Ensconced in a wheelchair, my mother holds up her feet and wiggles them, showing off new pale beige moccasins, fur-lined, soft and roomy for her swollen feet. “My sister got them for me,” she tells a nursing home attendant, gleeful. But really it was me, her daughter, become unimaginably old.
I have always
gone my own way.
I’ve often been told,
“You are so much
like your mother.”
What would I
if she had lived?
Would I be
My deepest loss
is that I’ll never
know for certain.
Casey Laine looks and sounds so much like her mother that a stranger once approached her at a restaurant and asked if she were Lesa’s daughter. She is both Lesa’s daughter, and perhaps, in a way, part of Lesa’s legacy, having inherited not only her looks, mannerisms, and inflection, but also her interest in books, houseplants, and philosophical reflection. This poem is dedicated to her memory, with utmost love.
“You are your Momma’s sweetest girl,” Janeen cooed as she changed her baby’s diaper and pulled a soft yellow onesie over the child’s shoulders.
“It’s time for your lunch, Momma,” Nancy said, helping Janeen to her feet and gently placing her gnarled hands on the walker.
“Don’t forget your babydoll.”
Traci Mullins has more than three decades of experience in coaching, editing, and collaborating on hundreds of non-fiction books. She is currently working on unearthing the girl who used to love stories.
With ketchup trickling from her broad grin, his daughter looks like a cheerful, diminutive vampire.
The food is too fast, the street is too crowded, the fireworks are too loud. She is loving every single minute, and her mother will be furious.
Both of these things give him deep satisfaction.
Tamsin wishes she wasn’t too cowardly for fireworks and broad grins.
Her tiny fingers, entwined in mine. Soft. Delicate.
Her nod, a whisper, “It’s time.”
A click as the switch is turned off. Then…?
Darkness. No light, no tunnel, no welcome home.
Terror envelops me; tears begin to fall.
Just a fading whisper: “They never would have believed you, anyway, Mommy.”
Anita Reynolds is a writer and artist, wife and mom in the rural reaches of Tennessee. Her work is inspired by the strangeness of life, from the mundane to the magical.
A gentle breeze made its way through the cemetery trees,
and her hair.
She stood shocked among the sea of people, watching her mother descend
into the ground.
Disease or not, this reality hadn’t set in.
That’s when she realized: secretly, every daughter hopes their mother has to bury them.
James P. Spitznogle is an aspiring writer from the green hills of West Virginia.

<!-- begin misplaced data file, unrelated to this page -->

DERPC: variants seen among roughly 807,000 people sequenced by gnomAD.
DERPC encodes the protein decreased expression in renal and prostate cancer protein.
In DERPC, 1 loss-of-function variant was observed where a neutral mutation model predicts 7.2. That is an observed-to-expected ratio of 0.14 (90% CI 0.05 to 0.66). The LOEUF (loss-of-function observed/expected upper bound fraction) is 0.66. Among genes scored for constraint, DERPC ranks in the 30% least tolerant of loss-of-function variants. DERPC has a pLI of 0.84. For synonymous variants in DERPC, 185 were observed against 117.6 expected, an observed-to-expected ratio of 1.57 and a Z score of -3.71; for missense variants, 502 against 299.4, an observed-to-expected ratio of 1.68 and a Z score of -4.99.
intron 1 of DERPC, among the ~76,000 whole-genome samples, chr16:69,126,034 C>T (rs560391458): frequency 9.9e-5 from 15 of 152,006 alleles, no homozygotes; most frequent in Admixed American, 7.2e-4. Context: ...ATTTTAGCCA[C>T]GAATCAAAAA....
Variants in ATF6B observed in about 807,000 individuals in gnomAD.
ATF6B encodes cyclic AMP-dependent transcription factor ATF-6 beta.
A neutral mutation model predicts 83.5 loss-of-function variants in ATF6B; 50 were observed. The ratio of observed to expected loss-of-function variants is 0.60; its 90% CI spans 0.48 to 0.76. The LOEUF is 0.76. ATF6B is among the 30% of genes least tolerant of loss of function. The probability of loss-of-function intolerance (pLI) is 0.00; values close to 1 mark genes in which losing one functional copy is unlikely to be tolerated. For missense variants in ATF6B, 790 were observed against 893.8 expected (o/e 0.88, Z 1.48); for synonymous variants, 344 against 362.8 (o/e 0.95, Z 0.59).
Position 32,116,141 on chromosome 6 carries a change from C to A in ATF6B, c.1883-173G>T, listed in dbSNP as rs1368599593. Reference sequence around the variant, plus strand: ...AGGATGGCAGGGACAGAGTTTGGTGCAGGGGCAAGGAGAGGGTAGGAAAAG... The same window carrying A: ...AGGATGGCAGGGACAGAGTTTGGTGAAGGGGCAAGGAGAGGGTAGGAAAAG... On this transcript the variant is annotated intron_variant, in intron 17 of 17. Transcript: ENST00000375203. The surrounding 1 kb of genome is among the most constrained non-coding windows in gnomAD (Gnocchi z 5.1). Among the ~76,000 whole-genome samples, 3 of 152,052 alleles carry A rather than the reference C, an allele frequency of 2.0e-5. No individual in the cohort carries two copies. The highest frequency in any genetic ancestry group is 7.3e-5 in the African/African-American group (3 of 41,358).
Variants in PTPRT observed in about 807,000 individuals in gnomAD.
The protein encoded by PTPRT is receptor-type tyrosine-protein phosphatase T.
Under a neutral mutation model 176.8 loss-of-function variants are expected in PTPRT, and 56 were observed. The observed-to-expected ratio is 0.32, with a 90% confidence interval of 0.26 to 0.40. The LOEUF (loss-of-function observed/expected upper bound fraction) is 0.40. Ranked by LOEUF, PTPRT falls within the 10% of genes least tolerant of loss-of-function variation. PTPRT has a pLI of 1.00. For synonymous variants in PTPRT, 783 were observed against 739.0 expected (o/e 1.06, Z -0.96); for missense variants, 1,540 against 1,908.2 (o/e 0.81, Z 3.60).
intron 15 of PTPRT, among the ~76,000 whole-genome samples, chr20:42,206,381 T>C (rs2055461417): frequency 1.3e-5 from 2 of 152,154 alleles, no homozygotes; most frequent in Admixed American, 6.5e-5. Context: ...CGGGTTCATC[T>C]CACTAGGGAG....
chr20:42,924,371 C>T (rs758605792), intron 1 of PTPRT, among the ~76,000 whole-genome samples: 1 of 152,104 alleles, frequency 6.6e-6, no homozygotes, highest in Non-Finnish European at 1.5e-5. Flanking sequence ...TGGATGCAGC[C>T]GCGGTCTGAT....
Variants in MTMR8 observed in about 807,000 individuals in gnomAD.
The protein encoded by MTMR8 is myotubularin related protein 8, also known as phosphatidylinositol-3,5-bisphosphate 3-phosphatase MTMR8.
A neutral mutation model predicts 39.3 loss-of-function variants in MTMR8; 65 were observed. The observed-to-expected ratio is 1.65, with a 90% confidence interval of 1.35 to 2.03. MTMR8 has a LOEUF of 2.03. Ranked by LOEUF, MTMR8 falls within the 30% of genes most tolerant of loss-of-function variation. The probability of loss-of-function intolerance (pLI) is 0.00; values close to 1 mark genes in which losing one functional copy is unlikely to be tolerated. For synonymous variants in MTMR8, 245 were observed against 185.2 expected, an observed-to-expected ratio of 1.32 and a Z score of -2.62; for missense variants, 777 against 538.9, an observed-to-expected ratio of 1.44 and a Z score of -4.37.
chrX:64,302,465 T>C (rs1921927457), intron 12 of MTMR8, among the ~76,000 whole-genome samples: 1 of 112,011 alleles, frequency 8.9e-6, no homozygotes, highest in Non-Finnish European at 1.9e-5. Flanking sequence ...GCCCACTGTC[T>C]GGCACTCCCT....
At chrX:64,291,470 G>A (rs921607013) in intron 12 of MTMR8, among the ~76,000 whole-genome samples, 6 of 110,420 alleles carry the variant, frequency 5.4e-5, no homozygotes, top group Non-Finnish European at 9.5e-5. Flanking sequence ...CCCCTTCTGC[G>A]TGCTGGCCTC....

“Don’t stand too close to the counter, or a spider might come bite your toe,” she tells me as I get ready to wash the dishes.
“Are you serious?”
She stops and gets that real hard thinking look in her eyes.
“Nah. If you wear sneakers you should be fine.”
Valarie Bradshaw is a nomadic mother who just graduated from college and spends her days in her pajamas writing all the stories that swim in her head. Her family is very patient.
She’s practiced all the maneuvers and feels ready for everything. “Tower, ready for takeoff.”
“Cleared for takeoff.”
The controller glances at another: “Think she’ll be next?”
Wheels roll, wings rise, the sky opens, and heaven and earth release their graces.
Astonished, her late mother surrounds her, smiling.
MJ is an aviator, author, and speaker on ways risk and fear can work to our advantage to dream and explore. She is preparing for suborbital space flight and researching ways to improve astronauts’ long-term space missions.
Do you want a girl this time? they all asked when the fourth grandchild was on the way.
It really doesn’t matter, and we know what to do with boys.
When she was born after a long labour, it was just relief.
But when we met, I was bowled over.
Ann Sangwin is a retired teacher, now a career grandmother. She has written all her life but until recently has not thought of submitting for publication. She lives in Kent, where she recently joined a writing group which has changed her life.
Today my father is teaching me math.
He takes me down to the beach and shows me a grain of sand.
After I’ve counted for a while, I notice my father’s shadow stretch and begin to disappear.
When are you coming back?
Look, he says, just keep counting.
Cathy Ulrich had to go to the beach once. It was terrible.